Our presence here is an act of solidarity with those who lost their lives or were injured in the explosions and an expression of our desire to support them and their families and loved ones.

This Patriots’ Day shakes us out of our complacency and indifference and calls us to focus on the task of building a civilization that is based on love, justice, truth and service. We do not want to risk losing the legacy of those first patriots who were willing to lay down their lives for the common good. We must overcome the culture of death by promoting a culture of life, a profound respect for each and every human being made in the image and likeness of God, and we must cultivate a desire to give our lives in the service of others.

Last week, I was in Galilee on the Mount of the Beatitudes with 30 priests from Boston. There we prayed together and listened to the very Gospel that was read for us here this morning. The Sermon on the Mount is a description of the life of the people gathered by and around the Lord. Often in the Gospels, we can see the contrast between the crowd and the community. The crowd is made up of self-absorbed individuals, each one focused on his or her own interests in competition with the conflicting projects of others. A community is where people come to value each other, and find their own identity in being part of something bigger than themselves, working together for the common good.

The Sermon on the Mount, in many ways, is the Constitution of the people called to live a new life. Jesus gives us a new way to deal with offenses, by reconciliation. Jesus gives us a new way to deal with violence, by nonviolence. He gives us a new way to deal with money, by sharing and providing for those in need. Jesus gives us a new way to deal with leadership, by drawing upon the gift of every person, each one a child of God.

In the face of the present tragedy, we must ask ourselves what kind of a community do we want to be, what are the ideals that we want to pass on to the next generation. It cannot be violence, hatred and fear. The Jewish people speak of Tikkun Olam, “repairing the world.” God has entrusted us with precisely that task, to repair our broken world. We cannot do it as a collection of individuals; we can only do it together, as a community, as a family. Like every tragedy, Monday’s events are a challenge and an opportunity for us to work together with a renewed spirit of determination and solidarity and with the firm conviction that love is stronger than death.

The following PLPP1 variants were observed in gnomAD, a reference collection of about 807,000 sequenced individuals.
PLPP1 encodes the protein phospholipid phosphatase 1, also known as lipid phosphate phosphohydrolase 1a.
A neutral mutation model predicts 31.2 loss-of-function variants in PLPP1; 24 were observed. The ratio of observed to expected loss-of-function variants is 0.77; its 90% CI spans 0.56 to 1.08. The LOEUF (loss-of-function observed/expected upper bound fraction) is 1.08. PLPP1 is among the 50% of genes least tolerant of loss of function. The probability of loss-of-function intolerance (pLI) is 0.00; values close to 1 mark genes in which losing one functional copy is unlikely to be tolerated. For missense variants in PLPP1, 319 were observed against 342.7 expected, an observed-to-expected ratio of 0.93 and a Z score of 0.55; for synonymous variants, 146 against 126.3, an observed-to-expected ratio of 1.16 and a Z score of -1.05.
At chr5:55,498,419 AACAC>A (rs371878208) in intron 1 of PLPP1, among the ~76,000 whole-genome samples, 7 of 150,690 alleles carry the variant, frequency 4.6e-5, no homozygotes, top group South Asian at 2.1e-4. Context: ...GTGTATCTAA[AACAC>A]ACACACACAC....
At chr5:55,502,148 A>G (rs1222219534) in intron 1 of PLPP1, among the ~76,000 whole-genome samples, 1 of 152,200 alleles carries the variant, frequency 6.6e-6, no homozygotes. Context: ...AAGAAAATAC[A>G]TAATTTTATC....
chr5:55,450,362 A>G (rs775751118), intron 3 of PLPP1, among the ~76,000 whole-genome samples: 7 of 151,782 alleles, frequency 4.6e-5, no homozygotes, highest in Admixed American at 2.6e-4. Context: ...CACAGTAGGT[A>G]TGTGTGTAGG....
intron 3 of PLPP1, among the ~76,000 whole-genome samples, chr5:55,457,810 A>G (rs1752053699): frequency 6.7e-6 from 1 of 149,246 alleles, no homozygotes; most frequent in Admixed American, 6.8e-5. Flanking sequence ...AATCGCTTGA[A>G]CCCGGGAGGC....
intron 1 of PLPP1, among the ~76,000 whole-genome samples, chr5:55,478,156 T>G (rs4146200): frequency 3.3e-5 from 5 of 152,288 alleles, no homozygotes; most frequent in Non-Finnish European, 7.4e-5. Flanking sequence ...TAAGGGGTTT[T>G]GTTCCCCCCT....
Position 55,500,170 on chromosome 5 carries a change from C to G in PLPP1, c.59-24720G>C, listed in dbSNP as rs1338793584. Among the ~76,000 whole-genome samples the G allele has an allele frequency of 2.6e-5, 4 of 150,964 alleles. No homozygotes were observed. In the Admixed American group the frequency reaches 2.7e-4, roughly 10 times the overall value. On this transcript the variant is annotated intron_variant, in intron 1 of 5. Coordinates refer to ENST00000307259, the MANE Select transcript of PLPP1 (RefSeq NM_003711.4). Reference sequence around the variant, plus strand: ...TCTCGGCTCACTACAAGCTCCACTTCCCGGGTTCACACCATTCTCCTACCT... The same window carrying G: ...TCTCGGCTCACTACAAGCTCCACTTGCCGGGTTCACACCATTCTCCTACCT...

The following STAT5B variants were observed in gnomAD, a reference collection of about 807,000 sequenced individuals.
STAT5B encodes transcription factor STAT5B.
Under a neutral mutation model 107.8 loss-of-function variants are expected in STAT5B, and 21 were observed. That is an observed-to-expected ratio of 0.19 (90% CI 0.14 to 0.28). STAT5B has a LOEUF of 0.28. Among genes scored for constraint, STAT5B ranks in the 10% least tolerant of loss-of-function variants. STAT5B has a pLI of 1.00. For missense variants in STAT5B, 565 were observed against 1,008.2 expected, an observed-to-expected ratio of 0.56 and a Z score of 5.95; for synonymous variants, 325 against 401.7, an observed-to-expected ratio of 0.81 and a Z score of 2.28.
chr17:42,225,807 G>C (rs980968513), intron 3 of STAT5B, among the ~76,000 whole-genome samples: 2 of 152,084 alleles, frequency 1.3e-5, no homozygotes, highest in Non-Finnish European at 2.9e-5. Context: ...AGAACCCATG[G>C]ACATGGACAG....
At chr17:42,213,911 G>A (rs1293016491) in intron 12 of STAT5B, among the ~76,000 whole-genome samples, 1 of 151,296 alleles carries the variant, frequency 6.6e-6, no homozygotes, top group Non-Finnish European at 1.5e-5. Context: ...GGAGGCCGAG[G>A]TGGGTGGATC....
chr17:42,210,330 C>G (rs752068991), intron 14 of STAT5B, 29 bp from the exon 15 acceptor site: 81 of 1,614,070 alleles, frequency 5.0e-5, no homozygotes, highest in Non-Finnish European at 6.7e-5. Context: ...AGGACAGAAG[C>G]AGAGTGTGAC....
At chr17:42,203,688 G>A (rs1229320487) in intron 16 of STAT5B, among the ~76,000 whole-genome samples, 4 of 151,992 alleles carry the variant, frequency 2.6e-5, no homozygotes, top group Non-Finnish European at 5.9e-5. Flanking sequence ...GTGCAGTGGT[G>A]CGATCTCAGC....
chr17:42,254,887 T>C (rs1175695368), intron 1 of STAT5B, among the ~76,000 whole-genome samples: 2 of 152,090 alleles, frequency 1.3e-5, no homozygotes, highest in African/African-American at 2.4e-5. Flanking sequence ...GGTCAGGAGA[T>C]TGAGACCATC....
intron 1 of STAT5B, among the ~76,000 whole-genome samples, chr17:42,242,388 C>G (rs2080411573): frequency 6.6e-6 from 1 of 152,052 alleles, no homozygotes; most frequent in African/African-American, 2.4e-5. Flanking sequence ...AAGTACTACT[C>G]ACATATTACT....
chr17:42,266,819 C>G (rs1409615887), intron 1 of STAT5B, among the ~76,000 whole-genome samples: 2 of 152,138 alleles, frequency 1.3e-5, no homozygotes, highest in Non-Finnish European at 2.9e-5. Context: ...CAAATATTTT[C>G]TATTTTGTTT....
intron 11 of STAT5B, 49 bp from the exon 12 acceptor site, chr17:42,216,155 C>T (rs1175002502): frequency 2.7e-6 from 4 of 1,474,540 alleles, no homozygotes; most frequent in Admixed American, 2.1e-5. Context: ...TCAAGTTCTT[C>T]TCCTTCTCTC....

May ours be the sentiments of St. Francis of Assisi, who prayed:

Lord, make me an instrument of your peace,
Where there is hatred, let me sow love;
Where there is injury, pardon;
Where there is doubt, faith;
Where there is despair, hope;
Where there is sadness, joy.

O Divine Master,
grant that I may not so much seek to be consoled, as to console;
To be understood, as to understand;
To be loved, as to love.
For it is in giving that we receive.
It is in pardoning that we are pardoned,
and it is in dying that we are born to Eternal Life.


Scot asked Susan for her favorite part of Cardinal Seán’s remarks. Susan said seeing our Cardinal in his Franciscan robes ending with this prayer to St. Francis was powerful. On Patriots Day, she thought how she takes things for granted and how everything is gift. On the need for the community to repair the world, she was reminded of John Donne who said no man is an island unto himself. Sure, we have differences, but we have to find the common good in service of that.

Scot said Cardinal Seán said we should respond to this event in love. We learn from it and repair what needs to be repaired in the world. Fr. Roger said it was a tremendous talk on a day in which we heard tremendous rhetoric. Cardinal Seán went beyond eloquent and went to the root causes of what happened on Monday. Then he described a program that we can continue the work that was begun after the bombs exploded. The root causes are in the human heart, what happened with Adam and Eve. The response, like the first patriots, we must overcome a culture of death by promoting a culture of life. In a culture where some people can choose which other people can die, whether through euthanasia, capital punishment or abortion, then we’re going to have people with homemade bombs killing the innocent. A profound respect for every human being created in the image and likeness of God is where we begin.